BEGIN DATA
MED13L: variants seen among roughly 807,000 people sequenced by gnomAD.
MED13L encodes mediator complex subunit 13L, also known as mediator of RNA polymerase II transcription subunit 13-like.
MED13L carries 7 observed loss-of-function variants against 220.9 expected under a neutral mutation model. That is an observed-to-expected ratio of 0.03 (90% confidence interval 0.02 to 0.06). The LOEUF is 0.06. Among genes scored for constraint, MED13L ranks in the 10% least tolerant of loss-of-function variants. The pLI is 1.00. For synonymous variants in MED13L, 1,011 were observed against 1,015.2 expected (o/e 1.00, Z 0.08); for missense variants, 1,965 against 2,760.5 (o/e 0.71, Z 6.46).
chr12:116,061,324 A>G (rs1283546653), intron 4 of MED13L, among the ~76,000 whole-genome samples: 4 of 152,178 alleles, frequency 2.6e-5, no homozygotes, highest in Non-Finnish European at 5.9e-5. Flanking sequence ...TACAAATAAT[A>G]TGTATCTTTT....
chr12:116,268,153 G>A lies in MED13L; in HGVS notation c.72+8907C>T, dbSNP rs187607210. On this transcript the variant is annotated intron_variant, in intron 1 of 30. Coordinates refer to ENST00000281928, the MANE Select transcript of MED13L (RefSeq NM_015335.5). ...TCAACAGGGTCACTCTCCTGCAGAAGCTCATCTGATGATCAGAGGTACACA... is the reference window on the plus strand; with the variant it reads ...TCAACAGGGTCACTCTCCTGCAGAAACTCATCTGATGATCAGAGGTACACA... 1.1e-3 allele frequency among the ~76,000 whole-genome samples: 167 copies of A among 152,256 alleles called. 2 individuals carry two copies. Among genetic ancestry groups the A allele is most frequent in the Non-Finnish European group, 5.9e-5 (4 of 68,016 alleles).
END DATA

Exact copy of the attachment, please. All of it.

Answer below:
MED13L: variants seen among roughly 807,000 people sequenced by gnomAD.
MED13L encodes mediator complex subunit 13L, also known as mediator of RNA polymerase II transcription subunit 13-like.
MED13L carries 7 observed loss-of-function variants against 220.9 expected under a neutral mutation model. That is an observed-to-expected ratio of 0.03 (90% confidence interval 0.02 to 0.06). The LOEUF is 0.06. Among genes scored for constraint, MED13L ranks in the 10% least tolerant of loss-of-function variants. The pLI is 1.00. For synonymous variants in MED13L, 1,011 were observed against 1,015.2 expected (o/e 1.00, Z 0.08); for missense variants, 1,965 against 2,760.5 (o/e 0.71, Z 6.46).
chr12:116,061,324 A>G (rs1283546653), intron 4 of MED13L, among the ~76,000 whole-genome samples: 4 of 152,178 alleles, frequency 2.6e-5, no homozygotes, highest in Non-Finnish European at 5.9e-5. Flanking sequence ...TACAAATAAT[A>G]TGTATCTTTT....
chr12:116,268,153 G>A lies in MED13L; in HGVS notation c.72+8907C>T, dbSNP rs187607210. On this transcript the variant is annotated intron_variant, in intron 1 of 30. Coordinates refer to ENST00000281928, the MANE Select transcript of MED13L (RefSeq NM_015335.5). ...TCAACAGGGTCACTCTCCTGCAGAAGCTCATCTGATGATCAGAGGTACACA... is the reference window on the plus strand; with the variant it reads ...TCAACAGGGTCACTCTCCTGCAGAAACTCATCTGATGATCAGAGGTACACA... 1.1e-3 allele frequency among the ~76,000 whole-genome samples: 167 copies of A among 152,256 alleles called. 2 individuals carry two copies. Among genetic ancestry groups the A allele is most frequent in the Non-Finnish European group, 5.9e-5 (4 of 68,016 alleles).